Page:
On this festive night, Diversions will be featuring hosts past and present to help the crowd bid farewell to the bar's current location. Each host will have an hour of fun planned that will also include a very special drink, created to be a reflection of the host. The night will be programmed with surprises and special guests as well as one last time to sing your heart out for one of the most supportive and rambunctious audiences around.
 
This will also be the last appearance of longtime crowd favorite host Brian, who will be hanging up his karaoke dj'ing career. Scheduled to return is Luke & Sherry, Ethan, and Tony. Personally, I would hope to see one more power ballad by Robby-Bear or CNN's LZ Granderson who really L-O-V-E-S karaoke.
 
The staff and owner of Diversions Nightclub invite people to come spend one last special karaoke night together before they exit their space. (At this time no new location has been announced but it is clear from calls to the owner that they probably will not be back in downtown Grand Rapids due to cost concerns.)
 
In an open letter to the community, owner Robb Wiersum writes:
 
"A little over 22 years ago, discouraged by our local gay bars at that time, whom I felt were just taking and taking and not giving back to our community. I thought I can do better than this, we deserve better than this, so I acquired a partner and we opened Diversions. When we opened our doors, we made the promise that, if you (our community) supported us, we would also support the community that we serve.
 
Gay bars are closing across the nation and the world, as acceptance of our community widens and innovations in technology help keep us in touch without having to drive to a bar…
 
One way or the other, I am proud of what we have accomplished over the years, and am thankful of the support the community has given us, I have been blessed with an incredible staff that I have had a chance to work with over the years.
 
And… I hope we find a way to make it all continue in the future."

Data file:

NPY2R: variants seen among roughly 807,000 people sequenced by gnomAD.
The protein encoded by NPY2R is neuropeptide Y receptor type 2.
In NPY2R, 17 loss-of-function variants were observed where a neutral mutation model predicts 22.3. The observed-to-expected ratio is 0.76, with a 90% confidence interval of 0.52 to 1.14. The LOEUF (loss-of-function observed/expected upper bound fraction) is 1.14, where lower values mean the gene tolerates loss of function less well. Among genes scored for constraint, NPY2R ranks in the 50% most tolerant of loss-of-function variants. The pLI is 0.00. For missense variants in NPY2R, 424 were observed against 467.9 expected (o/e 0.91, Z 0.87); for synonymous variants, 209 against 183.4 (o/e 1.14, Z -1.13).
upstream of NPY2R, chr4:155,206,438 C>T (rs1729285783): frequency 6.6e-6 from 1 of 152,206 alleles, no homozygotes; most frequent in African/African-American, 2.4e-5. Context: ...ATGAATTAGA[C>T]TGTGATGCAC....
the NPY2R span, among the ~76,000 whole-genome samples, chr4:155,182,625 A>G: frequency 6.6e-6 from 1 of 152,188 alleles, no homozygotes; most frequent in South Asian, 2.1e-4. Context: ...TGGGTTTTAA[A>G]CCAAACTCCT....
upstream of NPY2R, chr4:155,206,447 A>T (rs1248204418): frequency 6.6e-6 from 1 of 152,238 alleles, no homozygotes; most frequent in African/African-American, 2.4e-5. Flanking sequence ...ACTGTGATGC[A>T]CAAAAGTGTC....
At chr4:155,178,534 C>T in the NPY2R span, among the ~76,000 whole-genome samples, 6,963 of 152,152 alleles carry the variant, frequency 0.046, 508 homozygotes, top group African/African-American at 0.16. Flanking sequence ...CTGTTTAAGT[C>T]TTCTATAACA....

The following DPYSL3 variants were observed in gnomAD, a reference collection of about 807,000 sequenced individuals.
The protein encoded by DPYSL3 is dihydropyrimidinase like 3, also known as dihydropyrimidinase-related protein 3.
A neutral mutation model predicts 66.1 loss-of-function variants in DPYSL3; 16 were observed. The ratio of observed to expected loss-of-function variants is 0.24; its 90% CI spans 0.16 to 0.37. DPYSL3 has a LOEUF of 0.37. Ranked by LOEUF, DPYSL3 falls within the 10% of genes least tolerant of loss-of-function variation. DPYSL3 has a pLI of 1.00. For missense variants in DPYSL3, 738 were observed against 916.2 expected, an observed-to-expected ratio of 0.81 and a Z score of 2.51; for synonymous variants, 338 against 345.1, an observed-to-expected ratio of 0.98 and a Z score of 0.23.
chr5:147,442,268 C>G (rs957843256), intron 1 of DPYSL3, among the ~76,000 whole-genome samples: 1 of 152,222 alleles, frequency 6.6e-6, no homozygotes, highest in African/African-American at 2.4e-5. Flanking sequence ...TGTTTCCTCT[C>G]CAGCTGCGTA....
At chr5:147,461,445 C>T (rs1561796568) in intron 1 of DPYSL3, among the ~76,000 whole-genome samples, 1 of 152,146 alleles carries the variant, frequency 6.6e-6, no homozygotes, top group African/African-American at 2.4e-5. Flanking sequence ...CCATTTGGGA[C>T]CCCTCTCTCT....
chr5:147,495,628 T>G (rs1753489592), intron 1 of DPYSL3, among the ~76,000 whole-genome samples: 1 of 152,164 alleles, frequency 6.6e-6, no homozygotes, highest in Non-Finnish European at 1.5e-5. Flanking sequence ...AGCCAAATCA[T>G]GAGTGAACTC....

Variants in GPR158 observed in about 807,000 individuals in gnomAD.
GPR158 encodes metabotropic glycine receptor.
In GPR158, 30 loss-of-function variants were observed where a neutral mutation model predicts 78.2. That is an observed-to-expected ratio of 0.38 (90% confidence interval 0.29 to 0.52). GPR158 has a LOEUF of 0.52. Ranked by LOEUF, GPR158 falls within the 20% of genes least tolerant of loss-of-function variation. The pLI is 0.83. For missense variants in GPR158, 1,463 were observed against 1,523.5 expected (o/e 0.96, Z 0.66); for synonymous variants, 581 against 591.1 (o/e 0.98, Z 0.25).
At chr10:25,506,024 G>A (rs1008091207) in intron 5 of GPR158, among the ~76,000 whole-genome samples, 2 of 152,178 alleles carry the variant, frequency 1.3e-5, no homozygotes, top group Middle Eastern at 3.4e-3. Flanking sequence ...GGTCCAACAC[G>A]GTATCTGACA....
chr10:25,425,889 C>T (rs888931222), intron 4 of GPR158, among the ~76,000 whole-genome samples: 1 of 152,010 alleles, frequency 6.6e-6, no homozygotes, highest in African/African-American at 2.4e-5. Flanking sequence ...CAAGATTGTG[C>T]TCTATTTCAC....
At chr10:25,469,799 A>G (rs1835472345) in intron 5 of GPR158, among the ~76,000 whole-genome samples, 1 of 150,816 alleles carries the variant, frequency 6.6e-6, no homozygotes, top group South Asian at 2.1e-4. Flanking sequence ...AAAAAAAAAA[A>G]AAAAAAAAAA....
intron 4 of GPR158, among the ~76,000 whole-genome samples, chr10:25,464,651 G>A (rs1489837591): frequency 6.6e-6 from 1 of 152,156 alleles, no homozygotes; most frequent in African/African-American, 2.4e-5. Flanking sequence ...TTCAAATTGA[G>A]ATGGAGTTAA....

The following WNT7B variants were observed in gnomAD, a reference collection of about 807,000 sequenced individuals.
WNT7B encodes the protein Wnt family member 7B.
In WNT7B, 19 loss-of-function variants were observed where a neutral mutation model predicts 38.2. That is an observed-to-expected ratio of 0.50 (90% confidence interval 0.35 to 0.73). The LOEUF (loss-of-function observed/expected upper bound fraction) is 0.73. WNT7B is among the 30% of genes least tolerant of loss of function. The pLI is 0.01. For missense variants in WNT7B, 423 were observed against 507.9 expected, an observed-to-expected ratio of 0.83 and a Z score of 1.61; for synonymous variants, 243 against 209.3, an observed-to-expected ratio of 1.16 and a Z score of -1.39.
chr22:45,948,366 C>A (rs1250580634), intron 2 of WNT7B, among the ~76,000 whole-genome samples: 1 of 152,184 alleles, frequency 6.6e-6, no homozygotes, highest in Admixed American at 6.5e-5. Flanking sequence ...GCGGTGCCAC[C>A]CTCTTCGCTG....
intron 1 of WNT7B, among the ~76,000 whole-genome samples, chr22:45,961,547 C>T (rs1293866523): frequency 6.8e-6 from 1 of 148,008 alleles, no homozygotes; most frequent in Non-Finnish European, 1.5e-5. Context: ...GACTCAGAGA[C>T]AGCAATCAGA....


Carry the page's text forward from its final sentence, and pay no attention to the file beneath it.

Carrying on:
For the complete Wiersum letter, visit the Diversions Nightclub's Facebook Page.


Admission: $5 ages 18 - 20, $3 ages 21+ or older.


 

Cesar Chavez Day Celebrates Young Lords: From GVSU to Chicago's Lincoln Park

Those who want to expand their cultural celebrations of Cesar Chavez Day will want to add a trip to Grand Valley State University's DeWitt Center, where the college will be hosting a special Young Lords in Lincoln Park presentation.
 
Kicking off the event is Elvira, a 90-minute live performance about a Mexican woman who sought sanctuary with her son for over a year inside a Chicago UMC building to bring attention to immigrant families being divided. These individuals, part of the Young Lords movement of Lincoln Park, went on (like Chavez) to become national heroes.
 
The occasion also presents an opportunity for two filmmaking teams to present their latest work.
 
The first offering is from a new Young Lords film in production, Milly and the Lords. This story centers on a female college student who joins the Young Lords in New York City and seeks to address the topic of domestic violence and other urban barrio concerns. The filmmakers will be screening approximately 30 minutes.
 
The second film is a documentary on the Young Lords and is the creation of a couple of professors from Modern Languages department at GVSU. The public will have a chance to see a 15-minute clip from this work in progress. 
 
Also speaking on this day will be GVSU's archivist, Nancy Richard, who will describe the various uses of the college's impressive Young Lords in Lincoln Park collection. Highlights of this collection include a rich collection of more than 110 oral histories, historical photographs, papers, and clippings documenting the origins of the Young Lords Movement. The event is a production of the new GVSU Young Lords Student Organization and will offer refreshments.
 
If you are interested in sharing your memories, donating materials to the collection, or would like to learn more about this effort or schedule a research visit, please contact GVSU Special Collections and Archives at collections@gvsu.edu or 616.331.8726.